Socially inept garbage man Simon is befriended by Henry Fool, a witty roguish, but talent-less novelist. Henry opens a magical world of literature to Simon who turns his hand to writing the... See full summary »
Thomas Jay Ryan,
Iris can best be described as a wallflower. She begins her first day as a temp for the nondescript Global Credit Association by waiting in a chair for two hours. This sets the scene for her... See full summary »
With only the plan of moving in together after high school, two unusually devious friends seek direction in life. As a mere gag, they respond to a man's newspaper ad for a date, only to find it will greatly complicate their lives.
A Baltimore sandwich shop employee becomes an overnight sensation when photographs he's taken of his weird family become the latest rage in the art world. The young man is called "Pecker" ... See full summary »
Two business executives--one an avowed misogynist, the other recently emotionally wounded by his love interest--set out to exact revenge on the female gender by seeking out the most innocent, uncorrupted girl they can find and ruining her life.
Jackie-O is anxiously awaiting the visit of her brother home for Thanksgiving, but isn't expecting him to bring a friend. She's even more shocked to learn that this friend is his fiance. It soon becomes clear that Jackie Kennedy's obsession is nothing compared to her obsession with her brother, as it also becomes clear she isn't the only member of the family with problems... Written by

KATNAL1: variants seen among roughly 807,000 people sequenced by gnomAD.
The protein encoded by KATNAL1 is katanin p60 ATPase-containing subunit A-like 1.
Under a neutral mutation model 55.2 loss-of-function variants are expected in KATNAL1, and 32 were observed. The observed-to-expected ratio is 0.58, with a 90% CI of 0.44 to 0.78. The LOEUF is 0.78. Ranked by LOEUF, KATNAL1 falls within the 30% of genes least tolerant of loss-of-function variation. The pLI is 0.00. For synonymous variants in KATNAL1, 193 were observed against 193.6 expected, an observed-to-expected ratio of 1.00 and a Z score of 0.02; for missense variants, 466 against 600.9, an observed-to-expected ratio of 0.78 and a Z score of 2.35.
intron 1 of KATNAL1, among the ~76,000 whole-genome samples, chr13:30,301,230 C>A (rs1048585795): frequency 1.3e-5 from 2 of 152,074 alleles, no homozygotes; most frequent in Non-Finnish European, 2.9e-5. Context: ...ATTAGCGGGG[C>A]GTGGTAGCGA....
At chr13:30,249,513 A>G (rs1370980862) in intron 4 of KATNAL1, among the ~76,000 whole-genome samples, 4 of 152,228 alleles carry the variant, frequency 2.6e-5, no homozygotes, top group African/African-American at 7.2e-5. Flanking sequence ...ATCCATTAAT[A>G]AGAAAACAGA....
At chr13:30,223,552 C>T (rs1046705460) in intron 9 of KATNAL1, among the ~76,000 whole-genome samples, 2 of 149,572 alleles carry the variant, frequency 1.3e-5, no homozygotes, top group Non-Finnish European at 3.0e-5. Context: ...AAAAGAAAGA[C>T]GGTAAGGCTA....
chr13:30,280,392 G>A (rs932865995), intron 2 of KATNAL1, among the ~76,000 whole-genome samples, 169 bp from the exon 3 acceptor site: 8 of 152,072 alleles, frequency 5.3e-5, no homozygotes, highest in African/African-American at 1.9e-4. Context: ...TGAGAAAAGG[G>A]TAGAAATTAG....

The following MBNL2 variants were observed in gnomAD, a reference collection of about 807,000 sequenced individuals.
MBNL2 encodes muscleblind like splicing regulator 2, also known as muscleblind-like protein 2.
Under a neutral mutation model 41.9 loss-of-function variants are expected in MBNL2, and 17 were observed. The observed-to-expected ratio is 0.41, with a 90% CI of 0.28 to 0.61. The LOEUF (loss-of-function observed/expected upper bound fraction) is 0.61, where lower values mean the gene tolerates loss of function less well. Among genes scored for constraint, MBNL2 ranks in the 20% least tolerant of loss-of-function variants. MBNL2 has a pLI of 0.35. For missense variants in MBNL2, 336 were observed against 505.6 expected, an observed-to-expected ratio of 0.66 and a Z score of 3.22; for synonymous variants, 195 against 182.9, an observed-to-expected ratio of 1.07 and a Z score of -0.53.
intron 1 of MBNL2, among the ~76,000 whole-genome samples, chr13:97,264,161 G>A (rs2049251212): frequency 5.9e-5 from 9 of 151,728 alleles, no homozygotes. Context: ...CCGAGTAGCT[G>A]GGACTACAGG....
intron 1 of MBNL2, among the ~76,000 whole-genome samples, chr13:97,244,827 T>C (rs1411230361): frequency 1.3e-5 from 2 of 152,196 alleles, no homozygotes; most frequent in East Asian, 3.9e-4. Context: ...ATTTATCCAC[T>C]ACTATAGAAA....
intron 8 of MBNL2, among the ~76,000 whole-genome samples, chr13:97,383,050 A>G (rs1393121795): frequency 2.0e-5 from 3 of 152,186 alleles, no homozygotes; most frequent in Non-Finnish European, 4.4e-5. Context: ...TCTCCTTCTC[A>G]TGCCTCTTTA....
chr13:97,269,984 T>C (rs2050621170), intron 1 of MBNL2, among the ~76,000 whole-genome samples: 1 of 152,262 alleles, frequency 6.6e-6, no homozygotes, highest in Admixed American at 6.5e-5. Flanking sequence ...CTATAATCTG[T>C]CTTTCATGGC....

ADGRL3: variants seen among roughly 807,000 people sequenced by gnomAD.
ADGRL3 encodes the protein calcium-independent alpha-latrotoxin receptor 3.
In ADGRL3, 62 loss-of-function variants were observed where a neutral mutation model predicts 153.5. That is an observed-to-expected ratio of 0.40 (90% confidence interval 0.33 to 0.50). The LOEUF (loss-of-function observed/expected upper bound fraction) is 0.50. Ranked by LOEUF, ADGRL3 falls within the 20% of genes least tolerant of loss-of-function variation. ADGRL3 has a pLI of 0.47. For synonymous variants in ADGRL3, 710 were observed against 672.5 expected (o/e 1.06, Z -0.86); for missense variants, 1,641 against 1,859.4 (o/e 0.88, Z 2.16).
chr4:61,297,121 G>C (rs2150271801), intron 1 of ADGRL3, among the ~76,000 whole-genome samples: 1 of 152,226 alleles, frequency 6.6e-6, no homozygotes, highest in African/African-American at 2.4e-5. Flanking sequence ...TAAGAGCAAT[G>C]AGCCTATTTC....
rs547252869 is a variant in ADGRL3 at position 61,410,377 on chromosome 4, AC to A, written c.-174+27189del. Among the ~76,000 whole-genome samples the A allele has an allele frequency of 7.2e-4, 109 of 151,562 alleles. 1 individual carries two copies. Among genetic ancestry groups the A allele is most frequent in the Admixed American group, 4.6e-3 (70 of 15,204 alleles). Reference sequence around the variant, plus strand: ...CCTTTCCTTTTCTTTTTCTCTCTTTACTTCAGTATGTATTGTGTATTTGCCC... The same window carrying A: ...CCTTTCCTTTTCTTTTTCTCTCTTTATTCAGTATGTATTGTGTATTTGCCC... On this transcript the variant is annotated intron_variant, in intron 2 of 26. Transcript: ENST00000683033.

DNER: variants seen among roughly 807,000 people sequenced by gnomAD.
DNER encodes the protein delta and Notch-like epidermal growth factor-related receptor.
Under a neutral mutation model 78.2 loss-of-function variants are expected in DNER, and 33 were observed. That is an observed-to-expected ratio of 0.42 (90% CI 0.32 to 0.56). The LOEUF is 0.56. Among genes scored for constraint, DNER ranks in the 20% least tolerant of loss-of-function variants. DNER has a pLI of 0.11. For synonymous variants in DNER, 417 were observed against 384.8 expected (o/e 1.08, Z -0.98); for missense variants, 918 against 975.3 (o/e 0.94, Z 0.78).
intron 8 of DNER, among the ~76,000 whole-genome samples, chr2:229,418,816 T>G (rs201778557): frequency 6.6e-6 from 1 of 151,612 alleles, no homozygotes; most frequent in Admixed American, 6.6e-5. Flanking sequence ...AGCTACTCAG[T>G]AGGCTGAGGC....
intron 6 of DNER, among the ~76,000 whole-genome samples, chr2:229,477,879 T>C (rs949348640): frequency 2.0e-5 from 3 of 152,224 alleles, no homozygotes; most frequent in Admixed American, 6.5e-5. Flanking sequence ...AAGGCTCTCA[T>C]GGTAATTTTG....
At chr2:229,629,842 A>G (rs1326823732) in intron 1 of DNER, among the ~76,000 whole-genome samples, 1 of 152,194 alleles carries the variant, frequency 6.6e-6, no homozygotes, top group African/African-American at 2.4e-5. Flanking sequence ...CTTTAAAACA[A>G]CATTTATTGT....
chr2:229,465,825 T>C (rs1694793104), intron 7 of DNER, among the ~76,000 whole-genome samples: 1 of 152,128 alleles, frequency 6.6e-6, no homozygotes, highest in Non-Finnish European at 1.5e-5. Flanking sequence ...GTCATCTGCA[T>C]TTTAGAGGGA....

Mike Myers <email@example.com>
Don't listen to reviews that tag this movie with a "predictable" or "poor" ending - they don't get it. The House of Yes is a brilliant adaptation of stage-to-film. Although the entire movie takes place in a single location, there is no claustrophobic effect - the result of magical cinematography. Each room of the house reveals a new secret, a new mystery. The acting is superb, due to the amazing range of affect offered by Parker Posey, sharply contrasted by the humorously flattened delivery of the other cast members. The script is flawless, the directing well-hidden. Nothing about this movie screams "This is a cool indie film I just made" (hopefully a doomed approach to filmmaking) This is not Ben Affleck posing as a post-punk Dalai Lama in a waste of celluloid, but a true work of art. The incest issue is handled with grace, wit, and true affection, not to mention the laugh-out-loud black humor. It's one of my top ten, right up there with True Romance, Naked Lunch and Miller's Crossing. Again, don't fret over warnings about a predictable ending - the ending is not what it seems. Think about it.
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